Day Trip Discoveries: Seattle Asian Art Museum — reopened and re-imagined

The entrance to the Seattle Asian Art Museum.

The Seattle Asian Art Museum in Capitol Hill’s Volunteer Park reopened to the public on Feb. 8 after three years and $56 million invested in major renovation and expansion work.

Closed since February 2017, the Seattle Asian Art Museum (SAAM) now showcases select Asian artifacts from its extensive collection in the 1933 Art Deco building. This was originally home of the Seattle Art Museum (SAM) before it moved to downtown Seattle in late 1991. The building is listed on the National Register of Historic Places.

Children pose for a photo on the camel statue outside the museum.

The grand building – and its iconic stone camels at the entrance – are treasures in themselves. As a kid, climbing onto the two-humped camels with my siblings was the highlight of my family’s visits to this museum. The Asian art section interested me in Asia and traveling there. I found the collection of netsukes (miniature carved figures from Japan) most intriguing of all.

Kids still love climbing on those camels, creating the perfect photo op for parents. Inside, the renovated museum now displays its permanent collection in 12 different themes – rather than by Asian country or time period.

A visitor examines an 11-headed Guanyin statue from 16th century China.

You no longer find galleries labeled China, Japan or India. Instead, art and objects are grouped by their relationship to themes central to Asia’s arts and societies. These themes include spirituality, worship, celebration, visual arts, literature, clothing, nature and the power of birth and death. The south galleries focus on spiritual life and the north galleries on material life, although some objects relate to both spiritual and material realms. The objective is to show the complexity and diversity of Asia.

Ancient art is mixed with contemporary work across cultures and regions. Initially I found it strange to view a 2nd-century Pakistani Bodhisattva statue near an Indian artist’s 2008 sculpture and ancient Persian stone tablet. SAAM explains: “This arrangement allows for connections that wouldn’t normally be made in a ‘traditional’ curation of a permanent collection, where things are arranged by our modern conception of borders or cultures.”

From Japan: a 20th century woman’s kimono and a hanging silk scroll from 1804.

Also, SAAM’s definition of Asia extends beyond mine – there are displays from Iran (Persia) and Turkey, for example. Asia’s boundaries have shifted over time, and the museum seeks to present the diverse cultures and histories involved. An interactive map lets you discover the countries now represented in SAAM’s collection.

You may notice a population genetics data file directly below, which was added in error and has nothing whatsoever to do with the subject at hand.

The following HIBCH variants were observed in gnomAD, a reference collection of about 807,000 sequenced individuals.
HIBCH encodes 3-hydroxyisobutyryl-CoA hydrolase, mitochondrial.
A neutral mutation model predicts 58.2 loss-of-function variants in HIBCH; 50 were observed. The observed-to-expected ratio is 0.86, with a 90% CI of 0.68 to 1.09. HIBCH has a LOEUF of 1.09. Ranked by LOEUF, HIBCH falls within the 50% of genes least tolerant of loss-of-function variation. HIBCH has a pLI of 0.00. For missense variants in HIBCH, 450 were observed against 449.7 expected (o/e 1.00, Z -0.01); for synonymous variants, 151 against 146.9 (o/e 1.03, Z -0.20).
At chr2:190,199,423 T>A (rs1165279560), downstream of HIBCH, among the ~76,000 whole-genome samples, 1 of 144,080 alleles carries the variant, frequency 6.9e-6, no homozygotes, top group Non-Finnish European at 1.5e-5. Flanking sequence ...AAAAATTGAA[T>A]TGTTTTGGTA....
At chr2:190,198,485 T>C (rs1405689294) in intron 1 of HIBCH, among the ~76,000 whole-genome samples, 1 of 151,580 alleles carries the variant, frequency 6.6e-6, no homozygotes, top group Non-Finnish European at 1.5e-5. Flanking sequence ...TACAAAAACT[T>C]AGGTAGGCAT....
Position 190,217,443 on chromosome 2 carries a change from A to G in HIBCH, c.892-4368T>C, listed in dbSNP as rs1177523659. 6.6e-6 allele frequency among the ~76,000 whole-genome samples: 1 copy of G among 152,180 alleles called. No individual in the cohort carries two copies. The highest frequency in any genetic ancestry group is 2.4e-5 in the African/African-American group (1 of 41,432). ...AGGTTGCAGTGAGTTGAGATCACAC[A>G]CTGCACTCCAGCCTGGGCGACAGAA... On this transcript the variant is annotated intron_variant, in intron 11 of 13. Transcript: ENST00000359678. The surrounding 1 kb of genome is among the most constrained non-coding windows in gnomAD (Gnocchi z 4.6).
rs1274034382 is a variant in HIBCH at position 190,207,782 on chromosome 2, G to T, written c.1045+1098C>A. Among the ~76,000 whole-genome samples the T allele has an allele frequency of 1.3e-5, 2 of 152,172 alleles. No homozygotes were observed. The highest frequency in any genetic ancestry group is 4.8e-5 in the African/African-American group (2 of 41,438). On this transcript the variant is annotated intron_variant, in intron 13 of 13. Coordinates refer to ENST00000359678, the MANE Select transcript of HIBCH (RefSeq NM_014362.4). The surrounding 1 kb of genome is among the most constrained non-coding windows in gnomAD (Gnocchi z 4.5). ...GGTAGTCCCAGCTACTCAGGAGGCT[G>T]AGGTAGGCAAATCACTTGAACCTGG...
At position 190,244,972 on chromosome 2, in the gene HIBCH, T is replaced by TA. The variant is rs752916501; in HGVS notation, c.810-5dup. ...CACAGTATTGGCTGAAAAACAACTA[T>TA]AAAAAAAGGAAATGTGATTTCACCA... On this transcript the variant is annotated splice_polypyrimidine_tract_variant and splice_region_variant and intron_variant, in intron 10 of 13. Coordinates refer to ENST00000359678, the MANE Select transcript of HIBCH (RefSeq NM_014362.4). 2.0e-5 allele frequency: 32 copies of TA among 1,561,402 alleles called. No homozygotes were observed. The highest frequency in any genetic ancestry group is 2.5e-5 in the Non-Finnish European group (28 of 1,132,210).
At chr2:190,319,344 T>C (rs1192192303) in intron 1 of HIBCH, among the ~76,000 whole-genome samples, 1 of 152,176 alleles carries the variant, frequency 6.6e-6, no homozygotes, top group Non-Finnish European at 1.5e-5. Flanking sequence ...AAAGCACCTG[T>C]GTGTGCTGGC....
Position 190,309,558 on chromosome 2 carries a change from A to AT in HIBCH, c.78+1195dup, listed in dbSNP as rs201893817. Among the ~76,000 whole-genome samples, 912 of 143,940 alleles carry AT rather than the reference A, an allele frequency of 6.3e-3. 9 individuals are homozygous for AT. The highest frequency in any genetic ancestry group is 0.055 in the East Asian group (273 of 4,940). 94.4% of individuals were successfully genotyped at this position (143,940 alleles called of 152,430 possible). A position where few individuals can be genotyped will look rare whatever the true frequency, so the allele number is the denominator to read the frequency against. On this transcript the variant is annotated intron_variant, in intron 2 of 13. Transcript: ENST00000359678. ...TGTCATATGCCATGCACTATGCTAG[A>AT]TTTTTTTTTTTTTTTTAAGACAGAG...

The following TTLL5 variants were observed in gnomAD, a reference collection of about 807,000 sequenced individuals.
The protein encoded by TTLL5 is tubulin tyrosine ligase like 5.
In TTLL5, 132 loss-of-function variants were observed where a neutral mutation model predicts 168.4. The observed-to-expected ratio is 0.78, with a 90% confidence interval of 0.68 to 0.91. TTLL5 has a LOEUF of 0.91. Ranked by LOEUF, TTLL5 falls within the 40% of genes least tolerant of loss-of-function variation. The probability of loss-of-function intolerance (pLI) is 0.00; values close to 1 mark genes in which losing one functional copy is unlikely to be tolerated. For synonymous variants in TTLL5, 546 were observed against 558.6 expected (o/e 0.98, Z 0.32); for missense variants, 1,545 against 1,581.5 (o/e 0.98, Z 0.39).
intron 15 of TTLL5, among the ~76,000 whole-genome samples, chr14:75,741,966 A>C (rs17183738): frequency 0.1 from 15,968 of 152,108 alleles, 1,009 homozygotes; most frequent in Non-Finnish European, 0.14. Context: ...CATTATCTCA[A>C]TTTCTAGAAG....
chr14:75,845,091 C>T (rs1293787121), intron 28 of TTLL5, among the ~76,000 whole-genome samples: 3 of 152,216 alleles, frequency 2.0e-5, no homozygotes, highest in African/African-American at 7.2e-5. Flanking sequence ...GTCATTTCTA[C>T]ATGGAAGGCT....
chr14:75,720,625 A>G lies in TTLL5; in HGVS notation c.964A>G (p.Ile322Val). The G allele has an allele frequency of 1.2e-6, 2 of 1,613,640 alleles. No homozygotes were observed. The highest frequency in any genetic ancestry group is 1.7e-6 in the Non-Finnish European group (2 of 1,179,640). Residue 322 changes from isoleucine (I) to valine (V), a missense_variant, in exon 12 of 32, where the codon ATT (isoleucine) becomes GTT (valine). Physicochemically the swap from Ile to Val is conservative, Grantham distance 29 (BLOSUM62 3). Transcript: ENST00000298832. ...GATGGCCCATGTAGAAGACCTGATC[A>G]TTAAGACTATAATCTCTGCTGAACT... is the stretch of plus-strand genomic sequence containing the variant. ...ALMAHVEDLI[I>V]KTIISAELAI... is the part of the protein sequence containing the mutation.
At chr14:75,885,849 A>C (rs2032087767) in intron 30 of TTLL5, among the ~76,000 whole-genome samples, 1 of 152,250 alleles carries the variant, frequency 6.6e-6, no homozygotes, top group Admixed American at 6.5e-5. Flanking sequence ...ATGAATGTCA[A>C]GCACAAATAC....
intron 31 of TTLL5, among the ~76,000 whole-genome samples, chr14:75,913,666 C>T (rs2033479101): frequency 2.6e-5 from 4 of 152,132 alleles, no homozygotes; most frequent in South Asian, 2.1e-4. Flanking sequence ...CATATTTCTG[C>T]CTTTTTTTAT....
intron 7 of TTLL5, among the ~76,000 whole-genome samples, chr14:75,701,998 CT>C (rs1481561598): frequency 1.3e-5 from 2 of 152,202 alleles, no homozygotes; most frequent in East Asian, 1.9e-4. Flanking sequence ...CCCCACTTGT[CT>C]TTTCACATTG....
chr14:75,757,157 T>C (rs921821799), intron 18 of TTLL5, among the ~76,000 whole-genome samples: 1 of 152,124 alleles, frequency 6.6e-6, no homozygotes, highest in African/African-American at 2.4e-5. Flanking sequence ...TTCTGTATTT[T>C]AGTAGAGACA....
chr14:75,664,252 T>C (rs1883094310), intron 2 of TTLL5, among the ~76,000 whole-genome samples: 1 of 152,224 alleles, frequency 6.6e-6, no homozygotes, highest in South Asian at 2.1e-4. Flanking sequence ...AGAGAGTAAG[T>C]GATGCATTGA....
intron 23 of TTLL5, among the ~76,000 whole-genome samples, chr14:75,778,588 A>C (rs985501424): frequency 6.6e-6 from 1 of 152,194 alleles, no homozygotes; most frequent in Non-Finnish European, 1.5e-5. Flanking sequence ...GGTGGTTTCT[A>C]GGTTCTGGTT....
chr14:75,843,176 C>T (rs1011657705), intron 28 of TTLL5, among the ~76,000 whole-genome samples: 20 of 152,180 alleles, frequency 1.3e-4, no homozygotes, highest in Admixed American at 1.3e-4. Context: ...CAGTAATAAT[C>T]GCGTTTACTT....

SAAM features one large gallery for special exhibitions. The opening exhibition is Be/longing: Contemporary Asian Art, which showcases 12 artists from Azerbaijan, Iran, India, Thailand, China, Korea, and Japan. All of them have worked or are still working outside Asia, so their artworks reflect both Asian and global perspectives.

The Some One sculpture from 2001 is made of military dog tags.

Dominating this gallery is the stunning Some/One sculpture, a stylized impression of ancient Asian armor made from thousands of modern soldiers’ dog tags. You may have seen this sculpture by Korean artist Do Ho Suh when it was on display in the downtown SAM. It has every bit as much impact in this new gallery.

Throughout SAAM, you can use your smartphone free to listen to a thematic tour or learn more about specific artwork via its phone symbol/QR code on the description plaque. A low- or no-vision version of the smartphone tour is available, as is audio only.

Ghungroos (Indian anklet bells) used to illustrate satellite images of typhoons-2015.

SAAM offers lectures, films, artist/author events and performances via the Gardner Center programs, which highlight Asia’s cultural traditions and contemporary issues. A Saturday University Lecture Series features international and local speakers who explore Asia, past and present.​​​​​​

A woman’s headdress and overdress from early 20th century-Borneo Island, Malaysia.

SAAM also includes an expanded Education Studio with programs for both adults and kids, a Conservation Studio and the McCaw Foundation Research Library in its lower level. An expanded Park Lobby off the Fuller Garden Court (on the upper level) provides visitors with an expansive new view of surrounding Volunteer Park.

Take advantage of SAAM’s free days each month to visit, if you can. Free to everyone are first and second Thursdays and the first Saturday of each month. First Fridays are free to seniors.

Regular admission is $15 adults, $13 seniors and military (with ID), $10 students (with ID) and teens ages 15-18; children age 14 and under are free. Discounted rates are available for groups of 10 or more.

The Seattle Asian Art Museum is part of the Seattle Art Museum and Olympic Sculpture Park in downtown Seattle. A SAM membership provides free entry to all three facilities.

Seattle Asian Art. Museum
1400 E Prospect St.
Seattle
www.seattleartmuseum.org/visit/asian-art-museum

— By Julie Gangler

Julie Gangler is a freelance writer who has worked as a media relations consultant for the Snohomish County Tourism Bureau. She began her career as a staff writer at Sunset Magazine and later was the Alaska/Northwest correspondent for Travel Agent Magazine.

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